LiDAR Map of Lake Tahoe event |

LiDAR Map of Lake Tahoe event

Special to the Sun

TAHOE, Calif. and#8212; Tahoe Center for Environmental Sciences, 291 Country Club Drive, Incline Village, Wednesday, Oct. 5, 5:30 p.m. no-host bar. Program begins at 6 p.m., $5 donation requested. Recent advances in both airborne and terrestrial LiDAR (Light Detection and Ranging) technologies allow imaging of Lake Tahoe landforms in a completely different light (pardon the pun). In 2010, the Tahoe Regional Planning Agency and partners funded the first airborne LiDAR survey of the Tahoe basin, providing an amazing dataset to explore landforms.

This technology allows the user to strip away trees (or study the canopy) to reveal an amazing picture of unheralded clarity (sub-meter horizontal and 3.5 centimeter vertical resolution). Active faults, landslides and other landforms jump off the screen, enabling discoveries such as the landward extension of basin-forming faults (e.g. West Tahoe and Incline Village faults). Paleo-landslides abound. Together with Sonar mapping in the lakes of the Tahoe basin, the first true baseline of the basin is recorded. A brief update of the Great California and Nevada ShakeOut will also be discussed.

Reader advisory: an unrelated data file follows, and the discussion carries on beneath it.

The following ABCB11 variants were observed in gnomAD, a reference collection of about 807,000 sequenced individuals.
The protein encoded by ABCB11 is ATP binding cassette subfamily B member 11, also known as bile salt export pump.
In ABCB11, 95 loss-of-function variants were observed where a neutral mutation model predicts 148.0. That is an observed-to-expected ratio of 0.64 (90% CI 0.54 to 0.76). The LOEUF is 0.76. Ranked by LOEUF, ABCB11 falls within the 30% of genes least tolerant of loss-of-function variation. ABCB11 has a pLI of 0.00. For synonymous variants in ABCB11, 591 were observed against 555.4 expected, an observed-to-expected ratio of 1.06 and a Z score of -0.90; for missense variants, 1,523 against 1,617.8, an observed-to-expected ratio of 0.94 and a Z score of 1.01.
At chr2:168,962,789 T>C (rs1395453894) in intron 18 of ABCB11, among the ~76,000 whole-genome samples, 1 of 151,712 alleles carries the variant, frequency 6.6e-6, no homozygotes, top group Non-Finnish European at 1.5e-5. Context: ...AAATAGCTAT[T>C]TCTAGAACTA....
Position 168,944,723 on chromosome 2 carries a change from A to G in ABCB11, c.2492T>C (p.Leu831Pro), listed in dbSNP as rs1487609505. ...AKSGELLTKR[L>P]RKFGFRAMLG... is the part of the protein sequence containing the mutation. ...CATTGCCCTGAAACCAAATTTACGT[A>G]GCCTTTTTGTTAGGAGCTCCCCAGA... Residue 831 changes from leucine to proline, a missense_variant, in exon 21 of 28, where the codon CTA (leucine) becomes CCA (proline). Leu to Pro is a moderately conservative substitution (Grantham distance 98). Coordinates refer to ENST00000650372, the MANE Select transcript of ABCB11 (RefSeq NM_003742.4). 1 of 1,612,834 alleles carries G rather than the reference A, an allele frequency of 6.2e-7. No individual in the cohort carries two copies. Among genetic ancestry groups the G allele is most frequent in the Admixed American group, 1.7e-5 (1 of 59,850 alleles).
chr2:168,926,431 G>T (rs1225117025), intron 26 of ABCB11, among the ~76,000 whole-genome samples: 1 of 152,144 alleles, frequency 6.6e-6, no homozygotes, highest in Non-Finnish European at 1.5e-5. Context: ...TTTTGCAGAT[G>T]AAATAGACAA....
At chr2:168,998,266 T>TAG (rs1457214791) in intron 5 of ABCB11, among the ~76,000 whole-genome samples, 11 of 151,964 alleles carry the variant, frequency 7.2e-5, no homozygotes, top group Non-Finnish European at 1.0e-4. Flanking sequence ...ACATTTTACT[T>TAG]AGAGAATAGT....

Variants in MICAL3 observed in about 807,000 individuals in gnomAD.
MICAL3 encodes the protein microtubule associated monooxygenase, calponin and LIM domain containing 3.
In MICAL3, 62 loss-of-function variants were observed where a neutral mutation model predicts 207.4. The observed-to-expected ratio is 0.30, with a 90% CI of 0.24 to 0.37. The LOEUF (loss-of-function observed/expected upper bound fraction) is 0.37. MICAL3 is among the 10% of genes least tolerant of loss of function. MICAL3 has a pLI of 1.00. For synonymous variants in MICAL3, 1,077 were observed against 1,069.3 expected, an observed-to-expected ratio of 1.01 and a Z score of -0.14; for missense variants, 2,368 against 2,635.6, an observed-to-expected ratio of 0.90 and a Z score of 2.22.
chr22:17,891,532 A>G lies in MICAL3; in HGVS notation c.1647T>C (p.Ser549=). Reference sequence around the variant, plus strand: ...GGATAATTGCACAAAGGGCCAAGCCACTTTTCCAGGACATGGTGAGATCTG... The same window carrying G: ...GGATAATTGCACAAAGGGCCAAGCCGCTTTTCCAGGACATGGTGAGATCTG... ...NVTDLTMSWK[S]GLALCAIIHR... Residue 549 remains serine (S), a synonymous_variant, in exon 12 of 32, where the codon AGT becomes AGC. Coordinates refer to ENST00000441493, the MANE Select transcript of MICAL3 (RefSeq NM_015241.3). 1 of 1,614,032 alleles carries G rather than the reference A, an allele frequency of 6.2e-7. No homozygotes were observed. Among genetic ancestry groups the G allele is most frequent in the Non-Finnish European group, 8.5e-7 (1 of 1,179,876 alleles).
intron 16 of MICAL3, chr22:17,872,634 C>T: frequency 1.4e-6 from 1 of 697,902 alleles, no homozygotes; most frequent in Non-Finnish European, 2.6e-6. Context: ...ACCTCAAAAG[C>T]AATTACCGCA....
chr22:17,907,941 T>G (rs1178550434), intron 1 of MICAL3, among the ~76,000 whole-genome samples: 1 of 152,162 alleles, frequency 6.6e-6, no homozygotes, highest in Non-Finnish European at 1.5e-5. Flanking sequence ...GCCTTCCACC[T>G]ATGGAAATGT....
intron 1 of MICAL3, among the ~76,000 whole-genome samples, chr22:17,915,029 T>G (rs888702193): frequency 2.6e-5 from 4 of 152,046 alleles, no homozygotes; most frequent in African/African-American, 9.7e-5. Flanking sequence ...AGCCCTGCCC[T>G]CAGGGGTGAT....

Dr. Graham M. Kent is the director of the Nevada Seismological Laboratory and professor in the Department of Geological Sciences and Engineering at the University of Nevada, Reno. Previous to July 2009, Graham was a research geophysicist at Scripps Institution of Oceanography and was Director of the Visualization Center at Scripps. Dr. Kent is a native of Lake Tahoe, Calif. where he graduated from South Tahoe High School in 1980.

Upcoming events include Oct. 20, Harvest Festival and Chamber Mixer, Tahoe City Field Station and Oct. 20, Masters of the Night Bat Lecture, with Mary Jean and#8220;Corkyand#8221; Quirk, NorCal Bats, Tahoe City Field Station. Visit for additional information.

and#8212; Submitted to

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